Consider the case of Eric Garner. His murder was captured on video – the evidence is about as empirical as it can get. The murderer will not be held accountable. Contrast that case with the case of former police chief Willie Lovett. See: Supporting the police who enforce Sheldon Adelson’s racket. For doing the right thing, Lovett is going to jail.[1] The trend is not for the government to administer justice but to drive up its cost (i.e. drive up the cost of a “bribe” or protection). My rule is to look for the means to further that trend in every political plan.

How will body cameras impact officer discretion? Suppose an officer wants to be courteous by not enforcing an unjust statute – say, letting somebody off with a warning – will that officer be unable to deviate from policy? I believe it will be less likely that body cameras will be used to curtail brutality than to enforce compliance with prevailing policies, which will compel the use of unnecessary force.

I see the proposal for body cameras as the new front line in the battle for our civil liberties. If the plan for police officers proceeds, this will be merely the first step of an Orwellian scheme on steroids. Here’s my prediction: The program, if implemented, will only metastasize. Why not compel everybody to wear cameras? If people have nothing to hide, then why not? If we can place body cameras on police officers, why can’t we “help” veterans by compelling VA employees to wear them? (I would be opposed to such a scheme.) Why not compel all government employees to wear body cameras to ensure they are properly executing their duties? We will then have one huge government full of employees being held accountable by the government.

But then what do I know? Pursuant to the VA, everything I wrote above would no doubt be charted as the manifestation of extreme delusional thinking. Perhaps I can overcome this “delusional” thinking by getting with the program and calling for cameras on all government employees (jestingly). And then the government will be able to ensure VA employees comply with prescribing dangerous psychiatric drugs to veterans for having impermissible beliefs (e.g. believing the profit and loss test on the free market is the best way to ensure accountability to consumers).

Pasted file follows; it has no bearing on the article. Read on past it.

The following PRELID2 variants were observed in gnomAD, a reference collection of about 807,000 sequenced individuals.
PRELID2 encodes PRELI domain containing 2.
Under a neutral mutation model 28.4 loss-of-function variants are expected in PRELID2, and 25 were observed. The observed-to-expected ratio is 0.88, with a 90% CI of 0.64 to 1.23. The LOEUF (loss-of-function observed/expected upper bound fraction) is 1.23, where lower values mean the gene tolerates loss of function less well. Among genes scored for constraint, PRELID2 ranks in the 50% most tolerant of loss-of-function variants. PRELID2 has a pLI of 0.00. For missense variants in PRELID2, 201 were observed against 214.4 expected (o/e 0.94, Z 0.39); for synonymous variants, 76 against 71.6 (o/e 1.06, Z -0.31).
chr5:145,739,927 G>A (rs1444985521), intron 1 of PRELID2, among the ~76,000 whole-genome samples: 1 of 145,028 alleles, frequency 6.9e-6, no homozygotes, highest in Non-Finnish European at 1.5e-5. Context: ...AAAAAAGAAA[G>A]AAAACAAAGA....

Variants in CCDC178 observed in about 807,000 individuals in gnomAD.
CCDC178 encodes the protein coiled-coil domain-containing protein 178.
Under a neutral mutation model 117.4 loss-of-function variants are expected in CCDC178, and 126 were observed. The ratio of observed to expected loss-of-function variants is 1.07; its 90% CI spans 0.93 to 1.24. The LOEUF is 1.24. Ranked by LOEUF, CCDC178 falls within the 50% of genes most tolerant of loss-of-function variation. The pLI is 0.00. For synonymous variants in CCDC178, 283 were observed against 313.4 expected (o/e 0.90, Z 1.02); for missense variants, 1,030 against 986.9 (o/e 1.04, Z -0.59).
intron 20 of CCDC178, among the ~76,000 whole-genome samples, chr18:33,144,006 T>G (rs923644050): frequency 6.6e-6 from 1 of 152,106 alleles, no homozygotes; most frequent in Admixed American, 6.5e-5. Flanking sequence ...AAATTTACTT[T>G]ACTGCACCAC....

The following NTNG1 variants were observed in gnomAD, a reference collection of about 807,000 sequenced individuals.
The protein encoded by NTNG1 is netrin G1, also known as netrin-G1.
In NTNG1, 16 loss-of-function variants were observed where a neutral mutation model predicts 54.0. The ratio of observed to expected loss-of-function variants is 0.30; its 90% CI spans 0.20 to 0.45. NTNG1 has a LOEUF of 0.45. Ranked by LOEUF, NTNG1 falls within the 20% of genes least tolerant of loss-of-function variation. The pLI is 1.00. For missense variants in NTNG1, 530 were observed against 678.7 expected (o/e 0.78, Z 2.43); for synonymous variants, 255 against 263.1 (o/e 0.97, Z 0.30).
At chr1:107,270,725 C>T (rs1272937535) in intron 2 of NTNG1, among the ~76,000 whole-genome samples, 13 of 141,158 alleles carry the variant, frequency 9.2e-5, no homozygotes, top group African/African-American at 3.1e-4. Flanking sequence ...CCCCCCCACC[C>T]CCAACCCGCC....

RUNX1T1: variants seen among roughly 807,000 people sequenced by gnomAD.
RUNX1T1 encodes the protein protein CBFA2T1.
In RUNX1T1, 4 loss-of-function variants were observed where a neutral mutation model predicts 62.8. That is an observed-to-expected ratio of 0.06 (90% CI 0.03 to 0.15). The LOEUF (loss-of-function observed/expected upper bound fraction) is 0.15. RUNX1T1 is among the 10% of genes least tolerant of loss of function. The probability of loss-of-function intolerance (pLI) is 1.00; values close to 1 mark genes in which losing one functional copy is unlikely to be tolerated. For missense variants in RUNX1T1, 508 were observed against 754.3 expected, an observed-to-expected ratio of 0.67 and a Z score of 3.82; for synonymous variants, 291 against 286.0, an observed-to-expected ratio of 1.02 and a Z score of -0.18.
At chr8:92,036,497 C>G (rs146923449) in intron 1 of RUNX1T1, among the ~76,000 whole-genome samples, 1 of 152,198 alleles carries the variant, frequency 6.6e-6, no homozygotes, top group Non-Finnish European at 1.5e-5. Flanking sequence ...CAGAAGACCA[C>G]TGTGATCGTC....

[1] – Lovett’s “crime” (he had no victims) was functioning as a de facto tax collector independent of the regime, while Garner’s assailants were functioning as de jure tax collectors on behalf of the regime. From these two cases, one might conclude that violating policy to protect liberty without inflicting injury upon anybody is a greater “crime” than is needlessly taking a life if done in service to the state.

Supporting the police who enforce Sheldon Adelson’s racket

Recently, Senator Harry Reid criticized the Koch brothers for being motivated by the pursuit of wealth while defending his nexus with the billionaire casino mogul Sheldon Adelson. Senator Reid’s apologia of Sheldon Adelson is that Adelson is not motivated by the pursuit of wealth. Adelson doesn’t seek money. Money seeks Adelson. See: http://talkingpointsmemo.com/livewire/harry-reid-don-t-pick-on-sheldon-adelson

Let’s start with this axiom: there’s a distinction between what’s illegal and what’s criminal. In other words, just because something is illegal pursuant to statutory law doesn’t make it a criminal act. Just because something is legal doesn’t make it lawful or moral. In many instances, enforcing a statute is itself a criminal act. When the government does whatever it wants, that’s called lawlessness.